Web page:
Culture Magazine

Movie Review – Warlords of Atlantis (1978)

By Manofyesterday

Director: Kevin Connor

Stars: Doug McClure, Peter GIlmore, Shane Rimmer, Lea Brodie, Michael Gothard, Hal Galili, John Ratzenberger, Donald Bisset

On an expedition to find Atlantis, a Professor (Bisset), his son Charles (Gilmore) and Greg Collinson (McClure) find a large golden statue, which they bring aboard. However, when the rest of the crew see this they realize that there’s actual treasure, and they betray the adventurers, cutting the chain to the diving bell, which sends them hurtling down into the depths of the sea. The boat is then attacked by a giant squid and is hauled under too, and they all find themselves in the lost world of Atlantis, where they’re greeted by Atmir (Gothard), who welcomes them with civility and assures they’re safe. But they soon realize that if they are too escape Atlantis they must act swiftly and they enlist the help of Delphine (Brodie), who was part of a group of humans that was captured a long time ago. 

Warlords of Atlantis had the ingredients to be a film I was going to really enjoy. There are monsters, adventure, and an exploration of a lost world. However, the sum didn’t quite equal its parts. The story was very thin, in fact, there’s barely a story at all. Almost as soon as they reach Atlantis they’re trying to escape, and there was only a minimal struggle from one person that wanted to stay, and even that only lasted a few moments. Because of this the film felt very rushed and there wasn’t any time to get to a core theme of the story, so the whole thing felt shallow.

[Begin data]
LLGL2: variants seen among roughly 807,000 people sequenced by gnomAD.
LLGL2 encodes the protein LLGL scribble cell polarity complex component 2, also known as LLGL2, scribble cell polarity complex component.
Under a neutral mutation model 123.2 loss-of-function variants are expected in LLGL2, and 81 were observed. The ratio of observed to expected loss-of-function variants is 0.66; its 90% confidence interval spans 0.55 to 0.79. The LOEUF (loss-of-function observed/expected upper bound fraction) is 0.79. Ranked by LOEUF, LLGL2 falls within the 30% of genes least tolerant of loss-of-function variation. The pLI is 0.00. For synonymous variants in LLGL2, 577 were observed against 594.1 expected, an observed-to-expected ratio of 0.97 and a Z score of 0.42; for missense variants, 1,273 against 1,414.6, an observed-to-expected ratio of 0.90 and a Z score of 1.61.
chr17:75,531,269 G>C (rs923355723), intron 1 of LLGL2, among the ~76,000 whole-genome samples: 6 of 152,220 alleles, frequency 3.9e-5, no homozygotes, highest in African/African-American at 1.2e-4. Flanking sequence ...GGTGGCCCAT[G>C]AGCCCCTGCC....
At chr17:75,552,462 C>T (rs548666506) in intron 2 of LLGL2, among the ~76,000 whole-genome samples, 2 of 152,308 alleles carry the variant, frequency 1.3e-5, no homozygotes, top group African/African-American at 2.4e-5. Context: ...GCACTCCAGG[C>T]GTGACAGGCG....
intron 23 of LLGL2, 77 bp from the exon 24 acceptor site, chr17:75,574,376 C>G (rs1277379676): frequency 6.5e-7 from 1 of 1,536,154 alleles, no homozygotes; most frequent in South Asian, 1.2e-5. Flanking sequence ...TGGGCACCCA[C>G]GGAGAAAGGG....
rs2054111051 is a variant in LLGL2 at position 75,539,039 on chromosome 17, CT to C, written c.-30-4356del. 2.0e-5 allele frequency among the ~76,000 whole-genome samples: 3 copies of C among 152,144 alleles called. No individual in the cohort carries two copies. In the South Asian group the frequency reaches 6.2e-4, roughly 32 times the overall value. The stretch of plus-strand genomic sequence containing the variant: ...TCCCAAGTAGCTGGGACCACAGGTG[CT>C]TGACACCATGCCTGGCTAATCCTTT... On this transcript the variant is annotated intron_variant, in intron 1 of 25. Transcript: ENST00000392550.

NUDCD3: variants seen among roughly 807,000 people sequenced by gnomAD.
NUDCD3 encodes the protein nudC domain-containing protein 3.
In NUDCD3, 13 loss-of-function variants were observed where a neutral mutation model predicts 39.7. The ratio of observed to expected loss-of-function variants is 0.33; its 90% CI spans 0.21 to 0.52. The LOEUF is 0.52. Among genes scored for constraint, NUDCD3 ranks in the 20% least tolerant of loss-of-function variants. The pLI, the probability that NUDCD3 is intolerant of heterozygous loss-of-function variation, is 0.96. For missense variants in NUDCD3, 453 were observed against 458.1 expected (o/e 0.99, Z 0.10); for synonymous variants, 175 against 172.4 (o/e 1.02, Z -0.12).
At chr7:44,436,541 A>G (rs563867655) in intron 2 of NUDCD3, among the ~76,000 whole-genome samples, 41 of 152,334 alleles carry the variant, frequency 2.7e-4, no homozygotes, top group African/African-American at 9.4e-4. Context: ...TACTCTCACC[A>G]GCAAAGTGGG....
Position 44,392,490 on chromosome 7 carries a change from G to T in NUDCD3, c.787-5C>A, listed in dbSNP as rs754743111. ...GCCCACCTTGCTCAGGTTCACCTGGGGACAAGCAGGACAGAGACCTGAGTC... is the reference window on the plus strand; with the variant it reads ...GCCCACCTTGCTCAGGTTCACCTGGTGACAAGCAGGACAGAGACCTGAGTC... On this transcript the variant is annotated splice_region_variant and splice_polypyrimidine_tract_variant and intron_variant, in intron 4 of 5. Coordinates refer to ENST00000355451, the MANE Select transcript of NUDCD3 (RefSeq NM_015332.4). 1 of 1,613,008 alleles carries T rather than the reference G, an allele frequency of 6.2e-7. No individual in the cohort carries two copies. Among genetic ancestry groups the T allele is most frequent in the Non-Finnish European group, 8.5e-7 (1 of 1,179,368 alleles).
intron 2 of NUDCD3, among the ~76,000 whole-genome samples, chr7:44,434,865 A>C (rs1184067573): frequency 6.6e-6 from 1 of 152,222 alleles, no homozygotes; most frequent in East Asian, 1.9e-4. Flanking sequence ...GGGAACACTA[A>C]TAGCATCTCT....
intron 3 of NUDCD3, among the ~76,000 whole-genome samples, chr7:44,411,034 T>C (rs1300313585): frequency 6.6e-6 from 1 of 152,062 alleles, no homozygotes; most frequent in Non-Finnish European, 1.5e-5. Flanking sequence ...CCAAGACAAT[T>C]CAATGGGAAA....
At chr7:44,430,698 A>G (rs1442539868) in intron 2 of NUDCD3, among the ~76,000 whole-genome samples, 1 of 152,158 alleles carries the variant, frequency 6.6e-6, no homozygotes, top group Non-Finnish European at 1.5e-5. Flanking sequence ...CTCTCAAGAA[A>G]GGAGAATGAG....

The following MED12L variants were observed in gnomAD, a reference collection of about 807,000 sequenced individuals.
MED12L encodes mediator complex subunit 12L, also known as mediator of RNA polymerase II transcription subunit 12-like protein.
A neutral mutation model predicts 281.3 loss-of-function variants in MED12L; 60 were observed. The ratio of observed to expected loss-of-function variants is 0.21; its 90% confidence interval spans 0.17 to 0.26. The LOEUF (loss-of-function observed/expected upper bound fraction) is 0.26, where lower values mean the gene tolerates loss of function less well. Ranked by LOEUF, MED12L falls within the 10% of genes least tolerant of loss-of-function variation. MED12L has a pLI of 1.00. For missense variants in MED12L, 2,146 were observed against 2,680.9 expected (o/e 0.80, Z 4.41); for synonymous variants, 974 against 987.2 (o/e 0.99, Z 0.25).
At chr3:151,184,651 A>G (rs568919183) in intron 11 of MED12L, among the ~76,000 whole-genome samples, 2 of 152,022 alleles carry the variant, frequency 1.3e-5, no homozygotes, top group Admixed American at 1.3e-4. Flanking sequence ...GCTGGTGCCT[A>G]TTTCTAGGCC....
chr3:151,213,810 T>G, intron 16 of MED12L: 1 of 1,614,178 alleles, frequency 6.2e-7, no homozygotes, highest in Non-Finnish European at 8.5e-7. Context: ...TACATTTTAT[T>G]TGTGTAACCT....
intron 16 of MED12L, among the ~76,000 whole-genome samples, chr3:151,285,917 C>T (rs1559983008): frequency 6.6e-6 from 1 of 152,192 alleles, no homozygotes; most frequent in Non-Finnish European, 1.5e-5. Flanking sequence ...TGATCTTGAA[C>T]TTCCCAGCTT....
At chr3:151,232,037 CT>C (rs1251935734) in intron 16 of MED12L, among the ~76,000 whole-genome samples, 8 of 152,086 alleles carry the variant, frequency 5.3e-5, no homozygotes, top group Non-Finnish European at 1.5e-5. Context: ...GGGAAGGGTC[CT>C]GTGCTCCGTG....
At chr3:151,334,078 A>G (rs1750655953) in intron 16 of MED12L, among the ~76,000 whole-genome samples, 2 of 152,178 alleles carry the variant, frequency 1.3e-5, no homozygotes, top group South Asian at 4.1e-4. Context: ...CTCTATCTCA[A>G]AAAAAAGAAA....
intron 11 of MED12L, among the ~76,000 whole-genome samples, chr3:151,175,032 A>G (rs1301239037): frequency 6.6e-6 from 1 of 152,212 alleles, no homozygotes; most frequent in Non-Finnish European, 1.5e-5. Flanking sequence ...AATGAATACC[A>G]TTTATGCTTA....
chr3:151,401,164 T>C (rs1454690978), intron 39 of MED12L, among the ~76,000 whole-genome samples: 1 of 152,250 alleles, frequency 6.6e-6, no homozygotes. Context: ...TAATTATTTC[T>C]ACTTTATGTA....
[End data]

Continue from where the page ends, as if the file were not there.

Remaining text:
I liked the underwater scenes and the creatures designs were good. The action was done well and I especially liked the effects when Atmir controlled huge bursts of water. I also liked the aesthetic of Atlantis as well. Even the land is bathed in this shimmering gold light that gives a sense of majesty and royalty. The soundtrack helps with this, supporting the visuals with a triumphant score. But when we actually get to a main city the sets are small and they lose the sense of grandeur. There’s also a bizarre piece of the story where the Atlanteans have given humans gills so they can adapt to the atmosphere, and this means that they can never return to the world outside Atlantis again. However, the main characters never undergo this surgery yet they don’t have any problems breathing in the atmosphere. 

The love story is, well, they meet, have a few conversations and that’s it. The only main struggle is when one of the characters gets a chance to advance his mind (little does he know that the Atlanteans have another agenda and are only using him) and I feel that the story is trying to put forward a certain morality but it never quite manages to express it clearly enough. Even the story of the betrayal isn’t developed well, since when they’re in Atlantis it’s not referenced at all. It also seems that the statue they recovered came out of nowhere, since there’s nothing similar seen in the city they visit. I would have liked to have seen more impressive treasures while they were in Atlantis. 

Warlords of Atlantis didn’t really do much for me, despite the promise of the premise. I found it watchable but I didn’t find much substance in the story so it wasn’t very engaging. I would have liked to have seen much more of Atlantis and probably do away with the whole betrayal storyline, but as it is it’s a pretty poor effort. 

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